Wrestling over county salaries continues

Is money orfairness

the issue?

By DENNIS WILKEN

TGI Staff Writer

The Kaua`i County

Council’s Finance Committee will meet Wednesday morning to again debate and

possibly decide if Mayor Maryanne Kusaka, her administrative assistant Wally

Rezentes Sr., Prosecuting Attorney Michael Soong and other department directors

and deputy department heads should get a pay raise.

The proposal, passed as

currently written, would give across-the-board ranges of salary hikes for 40

positions.

Soong and Kusaka, the only elected officials included in the

proposal, would receive approximately $7,000 raises.

Responding to what she

called “personal critics,” Kusaka told the council last week not to include her

in the package if that’s what it took to get “her people” raises.

And as

the Finance Committee’s chairman, Councilman Jimmy Tokioka, said in an open

meeting, he’s heard many people specifically mention the mayor when they are

opposing the raises.

Critics of the proposal have pointed out that the

mayor’s $73,000-a-year salary is already substantially more than Kauai’s median

income, and that she and all her employees are making more than a living Kaua`i

wage.

Opponents also note that Hawaii’s state retirement statutes allow

government pensions to be based on “the high three” – the best three earning

years a government worker has.

The implication is that these raises would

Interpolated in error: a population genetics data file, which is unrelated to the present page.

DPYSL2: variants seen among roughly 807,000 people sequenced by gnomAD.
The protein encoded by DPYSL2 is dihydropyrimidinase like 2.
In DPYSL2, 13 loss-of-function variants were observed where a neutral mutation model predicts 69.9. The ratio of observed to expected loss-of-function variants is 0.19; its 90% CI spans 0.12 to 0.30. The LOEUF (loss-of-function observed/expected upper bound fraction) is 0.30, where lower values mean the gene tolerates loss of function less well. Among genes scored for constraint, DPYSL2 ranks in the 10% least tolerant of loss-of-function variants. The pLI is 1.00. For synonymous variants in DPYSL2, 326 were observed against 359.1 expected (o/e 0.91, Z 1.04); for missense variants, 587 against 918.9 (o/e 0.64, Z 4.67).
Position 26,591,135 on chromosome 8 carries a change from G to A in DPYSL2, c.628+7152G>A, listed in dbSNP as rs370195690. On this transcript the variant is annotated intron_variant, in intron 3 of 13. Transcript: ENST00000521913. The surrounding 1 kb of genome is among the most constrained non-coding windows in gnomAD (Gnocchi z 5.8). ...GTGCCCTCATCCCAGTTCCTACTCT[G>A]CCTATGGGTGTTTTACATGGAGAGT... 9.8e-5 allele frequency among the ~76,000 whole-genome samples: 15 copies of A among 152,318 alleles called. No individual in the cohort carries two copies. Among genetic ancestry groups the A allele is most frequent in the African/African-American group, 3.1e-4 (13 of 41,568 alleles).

help Kusaka in her golden years, since she can’t run again for

mayor.

Proponents of the raises, including Kusaka, say department heads and

their chief deputies haven’t gotten a pay raise in almost five

years.

Proponents also point out that those county employees covered by

collective bargaining consistently receive raises, including this year, while

department heads and appointed officials don’t. This leads to situations where

at least two Police Department employees make more than chief George

Freitas.

Kusaka has has said repeatedly that the salary proposal isn’t

about the money but is a fairness issue.

Council members generally have

been hesitant to talk about the raise issue on the record. But if Saturday’s

primary election is seen as a mandate of sorts for the seven incumbents, a

raise might be expected.

Only Councilman Gary Hooser voted against the

proposal at its first reading, citing the fact that the raises would be across

the board.

Hooser has said that he doesn’t feel everyone in government

deserves a raise, and that he wants a strong performance-based criteria

included in the payraise ordinance.

Surprisingly, Councilman Randal

Valenciano, a seemingly strong supporter of the administration, expressed

similar feelings at the last council meeting, saying he couldn’t vote for the

proposal as it was currently presented.

Criteria for raises has been given

to the council by the administration, and Tokioka has been emphatic that he

wants a decision before, not after the general election in November.

“We

are not ducking this,” he said.

Observers expect the bill will be tweaked

to give at least the appearance of fairness and then will be approved by the

council, with the increases eventually being passed along to the

taxpayers.

Staff writer Dennis Wilken can be reached at 245-3681 (ext.

252) and dwilken@pulitzer.net

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